Police in Rosenheim in the German state of Bavaria raided a Lidl supermarket last week, seizing THC- and CBD-free food products made from industrial hemp, and prompting the German-owned international grocery chain to suspend sales.
Lidl had been advertising a range of 21 products such as “cannabis cookies,” “cannabis energy drinks,” and “hash brownies,” apparently drawing police attention, according to Abend Zeitung, which first reported the raid. Lidl confirmed the incident to Germany’s Cannabis Business Industry Association (BvCW), which criticized the police action.
“It is a positive signal that a large discounter is showing interest in hemp food,” said Marijn Roersch van der Hoogte, Vice President and Departmental Coordinator for Industrial Hemp & Food at BvCW.
“But the fact that after 25 years there are increasing controls and reprisals against food suppliers for harmless hemp products clearly shows that the police and public prosecutors are interpreting the existing laws more and more restrictively without need,” Roersch van der Hoogte said.
Police said the products seized are undergoing analysis at a laboratory of the State Criminal Police Office in Munich, which could take several weeks. The discounter is apparently taking the range off the shelves for now but it is unclear if that removal is nationwide across Germany. Lidl is reported to have sourced roughly 1.5 million units of the products in a deal with a supplier.
“These measures still breathe the spirit of a long-outdated ban policy,” Roersch van der Hoogte said. “Tax money is wasted and the domestic economy is damaged.”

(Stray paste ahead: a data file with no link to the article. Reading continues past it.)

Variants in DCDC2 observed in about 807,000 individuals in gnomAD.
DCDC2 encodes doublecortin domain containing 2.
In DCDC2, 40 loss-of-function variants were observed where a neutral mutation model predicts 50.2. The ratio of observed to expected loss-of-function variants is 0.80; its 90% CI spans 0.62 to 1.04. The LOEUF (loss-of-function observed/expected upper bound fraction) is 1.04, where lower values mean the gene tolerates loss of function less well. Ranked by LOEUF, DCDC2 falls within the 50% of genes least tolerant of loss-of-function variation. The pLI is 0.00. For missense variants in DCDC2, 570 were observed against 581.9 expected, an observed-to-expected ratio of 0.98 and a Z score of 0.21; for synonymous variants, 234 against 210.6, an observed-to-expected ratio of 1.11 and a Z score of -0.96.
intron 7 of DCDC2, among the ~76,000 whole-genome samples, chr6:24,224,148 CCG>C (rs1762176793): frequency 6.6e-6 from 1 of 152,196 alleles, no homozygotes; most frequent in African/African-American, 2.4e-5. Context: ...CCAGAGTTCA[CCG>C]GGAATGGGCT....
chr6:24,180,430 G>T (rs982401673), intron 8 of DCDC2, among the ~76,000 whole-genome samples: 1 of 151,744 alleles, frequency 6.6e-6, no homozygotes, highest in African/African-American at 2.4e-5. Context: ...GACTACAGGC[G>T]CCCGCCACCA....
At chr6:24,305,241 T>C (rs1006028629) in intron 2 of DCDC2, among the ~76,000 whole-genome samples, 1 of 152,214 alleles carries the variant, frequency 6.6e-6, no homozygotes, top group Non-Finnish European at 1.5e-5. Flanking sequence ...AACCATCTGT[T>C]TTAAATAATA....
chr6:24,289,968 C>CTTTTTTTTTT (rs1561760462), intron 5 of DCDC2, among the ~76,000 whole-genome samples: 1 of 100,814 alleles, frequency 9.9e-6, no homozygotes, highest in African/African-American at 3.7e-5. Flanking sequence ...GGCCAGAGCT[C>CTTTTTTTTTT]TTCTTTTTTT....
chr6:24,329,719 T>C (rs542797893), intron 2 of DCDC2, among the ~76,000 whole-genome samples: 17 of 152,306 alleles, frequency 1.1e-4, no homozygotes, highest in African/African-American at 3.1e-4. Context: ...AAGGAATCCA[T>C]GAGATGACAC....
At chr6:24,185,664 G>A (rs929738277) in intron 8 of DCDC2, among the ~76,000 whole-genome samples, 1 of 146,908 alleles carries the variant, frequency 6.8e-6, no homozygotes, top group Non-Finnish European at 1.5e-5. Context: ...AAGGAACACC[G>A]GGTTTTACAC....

German CBD sellers have repeatedly been targeted by local police – particularly in Bavaria – often facing criminal charges. But the seizure of products that contain no CBD and no THC ramps up the conflict between law enforcement agencies and hemp food producers.
“In the last two years we’ve experienced an unimaginable arbitrariness of the authorities when it comes to hemp and CBD products,” said Daniel Kruse, CEO at Hempro International GmbH, which successfully sued the city of Düsseldorf last year, leading to the lifting of a ban on the marketing and sales of products containing CBD in natural extract form.
“This partly affects the whole of Europe, but Germany, in particular, is the sad frontrunner in this respect,” said Kruse, who is also President of the European Industrial Hemp Association.
“There is an urgent need for a scientifically based approach in the development of guidelines and limits for THC in food, and commercial hemp should be deleted from the BtMG (Germany’s Narcotics Act),” Kruse said.
Jürgen Neumeyer, BvCW ‘s managing director, said crackdowns by regional authorities have been “disproportionate and superfluous.”
“It clearly shows that clarification is required at the legislative level,” Neumeyer said.
“Our goal is clear: industrial hemp must finally get out of the Narcotics Act,” added Neumeyer. “It’s good that the general election is coming soon.”
BvCW said it is currently querying Germany’s political parties on a wide range of issues affecting cannabis, including funding, research, narcotics laws, CBD, medical cannabis and trade.